Brow: It's the history of sex tourism. Very low brow, even if you put a Japanese print on the cover.
Summary: When the first Portuguese traders went abroad in search of spices, they immediately started sending letters home reading, 'Dude, the chicks here are craaazy!' I may be paraphrasing, but that's basically what happened, and is still happening today. Men from the west (which Bernstein defines as Europe and North America) go east (which he defines as everything between Turkey and Japan) and find a whole new sexual culture, which they may be appalled or enthralled by. One seldom hears about eastern men coming west and starting up blogs about all the chicks they've bagged, as one westerner did, to the great outrage in some quarters of China, and although western women do find partners in the east, the numbers are significantly lower than the opposite pairing.
What I liked about it: I lived in Japan for 3 years as an English teacher, and spent most of my vacation days in the rest of Asia, and from my own observation, a lot of this book still rings true. A lot of the men ended up with Japanese girlfriends, and quite a few with Japanese wives. Others preferred the smorgasbord approach, bragging about all the women in our prefecture they'd slept with, whether paid or volunteers. I won't say that no women found local boyfriends or even husbands, but the numbers were significantly lower. Things are changing, though, as I did spend a couple of weeks mostly shacked up with a Thai man who basically supplemented his income by romancing western women.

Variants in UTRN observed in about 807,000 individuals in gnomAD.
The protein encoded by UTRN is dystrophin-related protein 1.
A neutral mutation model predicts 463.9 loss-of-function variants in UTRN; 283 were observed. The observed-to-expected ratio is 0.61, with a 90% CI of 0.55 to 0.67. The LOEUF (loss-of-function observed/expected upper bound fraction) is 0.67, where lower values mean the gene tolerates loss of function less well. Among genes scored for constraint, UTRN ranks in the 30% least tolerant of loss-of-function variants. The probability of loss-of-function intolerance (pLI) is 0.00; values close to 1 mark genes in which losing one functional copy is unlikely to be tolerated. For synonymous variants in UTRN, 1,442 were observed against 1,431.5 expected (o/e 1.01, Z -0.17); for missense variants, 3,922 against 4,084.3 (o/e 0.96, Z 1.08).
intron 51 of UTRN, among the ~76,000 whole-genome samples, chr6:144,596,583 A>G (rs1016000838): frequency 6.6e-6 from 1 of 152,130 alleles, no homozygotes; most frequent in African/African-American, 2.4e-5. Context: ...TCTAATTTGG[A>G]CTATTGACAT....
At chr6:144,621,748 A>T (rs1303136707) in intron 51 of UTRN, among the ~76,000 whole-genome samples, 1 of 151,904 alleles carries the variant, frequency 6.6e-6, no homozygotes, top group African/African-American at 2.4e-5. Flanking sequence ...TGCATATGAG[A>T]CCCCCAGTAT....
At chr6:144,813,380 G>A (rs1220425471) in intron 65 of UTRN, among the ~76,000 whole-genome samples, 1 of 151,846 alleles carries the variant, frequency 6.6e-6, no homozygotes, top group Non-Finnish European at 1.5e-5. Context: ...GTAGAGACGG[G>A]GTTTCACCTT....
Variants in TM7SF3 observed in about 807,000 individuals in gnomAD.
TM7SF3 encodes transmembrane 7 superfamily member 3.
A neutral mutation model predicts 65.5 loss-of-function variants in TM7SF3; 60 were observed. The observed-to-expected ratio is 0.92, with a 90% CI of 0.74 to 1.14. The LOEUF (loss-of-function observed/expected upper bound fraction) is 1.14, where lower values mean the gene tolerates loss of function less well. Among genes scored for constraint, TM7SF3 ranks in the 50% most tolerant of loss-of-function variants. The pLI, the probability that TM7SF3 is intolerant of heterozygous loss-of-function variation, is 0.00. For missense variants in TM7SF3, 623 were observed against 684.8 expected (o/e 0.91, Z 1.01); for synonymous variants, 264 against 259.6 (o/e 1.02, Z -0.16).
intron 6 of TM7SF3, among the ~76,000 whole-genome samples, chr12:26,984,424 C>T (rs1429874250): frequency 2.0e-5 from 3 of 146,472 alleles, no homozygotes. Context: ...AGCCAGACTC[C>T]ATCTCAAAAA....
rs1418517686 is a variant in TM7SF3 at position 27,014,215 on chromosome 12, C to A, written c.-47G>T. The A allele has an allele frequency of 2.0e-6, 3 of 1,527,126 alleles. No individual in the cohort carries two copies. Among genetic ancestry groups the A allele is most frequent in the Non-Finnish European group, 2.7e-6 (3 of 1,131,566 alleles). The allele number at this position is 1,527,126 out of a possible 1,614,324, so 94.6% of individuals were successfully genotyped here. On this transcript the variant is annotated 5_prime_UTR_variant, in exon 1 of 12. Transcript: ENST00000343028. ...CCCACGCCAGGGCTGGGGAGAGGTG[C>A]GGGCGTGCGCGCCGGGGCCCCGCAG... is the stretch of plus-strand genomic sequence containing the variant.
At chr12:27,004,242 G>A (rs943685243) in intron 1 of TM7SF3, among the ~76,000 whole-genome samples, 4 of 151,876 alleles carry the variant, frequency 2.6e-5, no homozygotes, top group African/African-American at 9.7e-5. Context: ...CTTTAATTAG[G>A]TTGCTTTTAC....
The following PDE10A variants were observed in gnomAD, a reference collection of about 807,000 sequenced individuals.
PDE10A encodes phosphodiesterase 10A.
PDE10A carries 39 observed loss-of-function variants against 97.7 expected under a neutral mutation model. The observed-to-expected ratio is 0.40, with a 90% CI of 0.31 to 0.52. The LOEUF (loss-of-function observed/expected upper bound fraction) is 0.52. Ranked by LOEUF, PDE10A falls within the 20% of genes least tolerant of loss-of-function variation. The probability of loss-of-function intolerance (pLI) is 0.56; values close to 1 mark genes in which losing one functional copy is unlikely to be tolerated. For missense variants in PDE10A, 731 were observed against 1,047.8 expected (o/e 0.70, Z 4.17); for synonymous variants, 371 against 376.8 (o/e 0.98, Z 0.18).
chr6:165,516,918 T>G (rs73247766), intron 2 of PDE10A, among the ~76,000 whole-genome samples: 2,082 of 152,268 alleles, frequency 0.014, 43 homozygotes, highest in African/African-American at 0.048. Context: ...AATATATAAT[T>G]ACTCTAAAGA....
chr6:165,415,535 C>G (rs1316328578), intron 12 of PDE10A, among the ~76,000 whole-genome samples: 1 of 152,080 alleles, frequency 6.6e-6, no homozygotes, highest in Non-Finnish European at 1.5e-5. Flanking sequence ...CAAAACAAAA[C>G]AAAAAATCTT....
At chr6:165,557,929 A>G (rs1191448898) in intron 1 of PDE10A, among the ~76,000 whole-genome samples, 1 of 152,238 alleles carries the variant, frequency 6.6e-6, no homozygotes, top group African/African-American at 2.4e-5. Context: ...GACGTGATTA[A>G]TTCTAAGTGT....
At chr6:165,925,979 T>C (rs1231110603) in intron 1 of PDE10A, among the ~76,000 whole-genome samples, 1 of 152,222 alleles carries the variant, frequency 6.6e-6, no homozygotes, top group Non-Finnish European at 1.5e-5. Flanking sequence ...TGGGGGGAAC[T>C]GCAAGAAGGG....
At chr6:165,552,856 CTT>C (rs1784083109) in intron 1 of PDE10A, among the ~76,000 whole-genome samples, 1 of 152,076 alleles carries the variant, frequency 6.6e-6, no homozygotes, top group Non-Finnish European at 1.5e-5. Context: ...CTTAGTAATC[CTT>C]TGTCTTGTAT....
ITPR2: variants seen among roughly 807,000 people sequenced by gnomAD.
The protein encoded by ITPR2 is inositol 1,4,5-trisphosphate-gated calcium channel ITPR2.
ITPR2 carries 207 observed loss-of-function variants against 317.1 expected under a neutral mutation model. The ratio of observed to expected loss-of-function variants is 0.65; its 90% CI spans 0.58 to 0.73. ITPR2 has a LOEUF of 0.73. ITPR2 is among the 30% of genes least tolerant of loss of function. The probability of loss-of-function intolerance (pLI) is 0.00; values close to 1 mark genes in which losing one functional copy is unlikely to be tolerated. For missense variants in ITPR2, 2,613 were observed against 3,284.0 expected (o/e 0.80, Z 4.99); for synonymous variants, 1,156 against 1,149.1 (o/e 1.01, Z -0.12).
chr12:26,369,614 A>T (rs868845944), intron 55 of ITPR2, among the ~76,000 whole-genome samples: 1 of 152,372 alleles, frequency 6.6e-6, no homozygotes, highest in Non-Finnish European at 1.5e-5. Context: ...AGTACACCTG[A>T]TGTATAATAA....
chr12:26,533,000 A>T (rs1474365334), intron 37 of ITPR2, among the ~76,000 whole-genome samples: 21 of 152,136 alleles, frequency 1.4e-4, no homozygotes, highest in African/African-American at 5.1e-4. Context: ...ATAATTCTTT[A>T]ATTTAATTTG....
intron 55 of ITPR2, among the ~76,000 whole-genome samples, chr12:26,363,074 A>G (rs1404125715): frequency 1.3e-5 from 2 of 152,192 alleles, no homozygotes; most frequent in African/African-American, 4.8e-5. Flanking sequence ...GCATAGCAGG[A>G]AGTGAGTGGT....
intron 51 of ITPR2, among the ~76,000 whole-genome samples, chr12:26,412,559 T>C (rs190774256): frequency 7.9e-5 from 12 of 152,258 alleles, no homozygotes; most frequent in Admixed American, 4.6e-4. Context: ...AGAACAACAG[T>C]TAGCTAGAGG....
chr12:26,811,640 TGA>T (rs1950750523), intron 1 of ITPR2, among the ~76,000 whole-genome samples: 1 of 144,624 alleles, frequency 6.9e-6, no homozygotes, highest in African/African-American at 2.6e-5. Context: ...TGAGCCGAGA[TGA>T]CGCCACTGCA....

What I didn't like about it: Bernstein nearly completely neglects the perspective of the women involved in these encounters. Yes, in a rich country like Japan at the beginning of the 21st century, where the women are educated and mostly free to make their own choices, they are clearly not coerced into their relationships with western men. But that has not been true for the past 5 centuries, nor is it true everywhere today, and the vast majority of the women have been exploited, either sold by their families, or lured into relationships that can never be equal due to the income, and therefore power, imbalance. Yet even in telling his modern stories, Bernstein never interviews an eastern woman in any kind of relationship with a western man to find out her side of the story.